It’s also a good idea to disinfect frequently touched surfaces, Gonzales said.

It’s also a good idea to avoid touching your face as much as possible. Flu can be transmitted by touching a virus-contaminated surface and then touching the hand, eye, or mouth.

“Very good studies have shown that if we can redouble our efforts to be vigilant about this, our chances of staying flu-free increase,” Gonzales said.

The corona virus, on the other hand, is mainly transmitted through the air – namely when an infected person coughs or sneezes. That’s why it’s important to cover your face with your elbow or a tissue when you sneeze or cough.

Tell sick people to stay at home

It’s a shame to have events cancelled, especially after the disruptions of the past two years, but even a tingling throat or inclement weather should be a loud warning sign to stay home.

Do a quick test before an event

A rapid coronavirus test can help identify asymptomatic people who are infected and contagious before attending a gathering. The strategy isn’t foolproof, but it can help—especially if the test is taken as close to the start of an event as possible.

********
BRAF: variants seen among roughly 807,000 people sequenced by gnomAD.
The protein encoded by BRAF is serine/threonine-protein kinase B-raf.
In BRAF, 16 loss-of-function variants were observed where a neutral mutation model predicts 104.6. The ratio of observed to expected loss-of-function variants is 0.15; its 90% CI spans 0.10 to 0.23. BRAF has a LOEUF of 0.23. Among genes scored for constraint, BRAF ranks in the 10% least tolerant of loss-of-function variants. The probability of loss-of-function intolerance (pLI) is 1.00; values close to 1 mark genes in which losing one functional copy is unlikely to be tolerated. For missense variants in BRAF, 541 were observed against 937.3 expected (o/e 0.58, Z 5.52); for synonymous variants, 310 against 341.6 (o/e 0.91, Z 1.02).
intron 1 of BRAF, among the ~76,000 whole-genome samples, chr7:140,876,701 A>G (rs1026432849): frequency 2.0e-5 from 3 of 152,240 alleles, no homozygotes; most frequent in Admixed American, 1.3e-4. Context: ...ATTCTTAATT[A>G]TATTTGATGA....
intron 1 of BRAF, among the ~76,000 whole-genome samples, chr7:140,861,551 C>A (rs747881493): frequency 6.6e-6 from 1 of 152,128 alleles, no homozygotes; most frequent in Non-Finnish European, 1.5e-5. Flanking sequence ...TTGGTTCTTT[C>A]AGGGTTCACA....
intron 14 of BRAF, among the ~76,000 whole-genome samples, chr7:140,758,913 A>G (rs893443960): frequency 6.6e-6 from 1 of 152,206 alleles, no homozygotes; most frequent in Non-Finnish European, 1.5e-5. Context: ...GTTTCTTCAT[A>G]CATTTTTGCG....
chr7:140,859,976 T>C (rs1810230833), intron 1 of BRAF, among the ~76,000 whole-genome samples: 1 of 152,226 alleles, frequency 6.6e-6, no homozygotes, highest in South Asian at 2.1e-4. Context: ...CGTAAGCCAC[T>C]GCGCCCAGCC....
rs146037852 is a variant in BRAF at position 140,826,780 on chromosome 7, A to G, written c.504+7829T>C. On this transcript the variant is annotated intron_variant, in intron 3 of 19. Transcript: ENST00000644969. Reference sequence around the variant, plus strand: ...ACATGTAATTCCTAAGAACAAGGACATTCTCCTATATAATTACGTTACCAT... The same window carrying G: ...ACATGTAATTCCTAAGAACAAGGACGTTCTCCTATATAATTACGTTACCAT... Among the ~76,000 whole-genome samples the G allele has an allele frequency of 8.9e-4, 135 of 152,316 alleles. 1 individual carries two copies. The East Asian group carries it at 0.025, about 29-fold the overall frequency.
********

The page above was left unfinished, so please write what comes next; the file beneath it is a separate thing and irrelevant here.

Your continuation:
Take social events outside or open a window

Outdoor events have a lower risk of virus transmission. It is better to offer drinks and food outside if possible. Improving ventilation by opening doors and windows or using an air purifier can also help.

Consider masking

Officials and experts say wearing a mask in indoor public spaces can reduce the risk of infection from both COVID-19 and other respiratory illnesses by blocking the airway particles that can spread disease.

“Wearing a mask in indoor public spaces, among other safety measures, effectively slows the spread of respiratory viruses, which make children and the elderly very ill,” according to the California Department of Health.

Masking can also “significantly slow the spread and protect babies and young children who lack immunity and are too young to wear a mask themselves,” according to the department wrote on Twitter in this week.

Sleep, exercise and manage stress

As Gonzales noted, “During the holiday season…we tend to get very busy with work, and with this surge we have a lot of inactivity and stress.”

“And what we do know from studies of pre-med students and marathon runners is that stress — whether mental or physical — increases your risk of contracting respiratory viruses. And that risk increases two to three times,” Gonzales said.

He suggested practicing these good health habits:

• Get plenty of sleep.
• Be physically active.
• Manage your stress.
• Drink enough fluids.
• Eat nutritious food.

Vitamin C might help

Vitamin C might help fight off infection.

Gonzales said he’s a long-distance runner, and 50 to 70% of the time that long-distance runners get colds and flu is after major events.

“Randomized studies show that 1,000 milligrams of vitamin C once a day can help cut that risk in half,” Gonzales said. “And then there are also studies of vitamin C in people who were sleep deprived and under a lot of stress before final exams to show that it helps with that too.”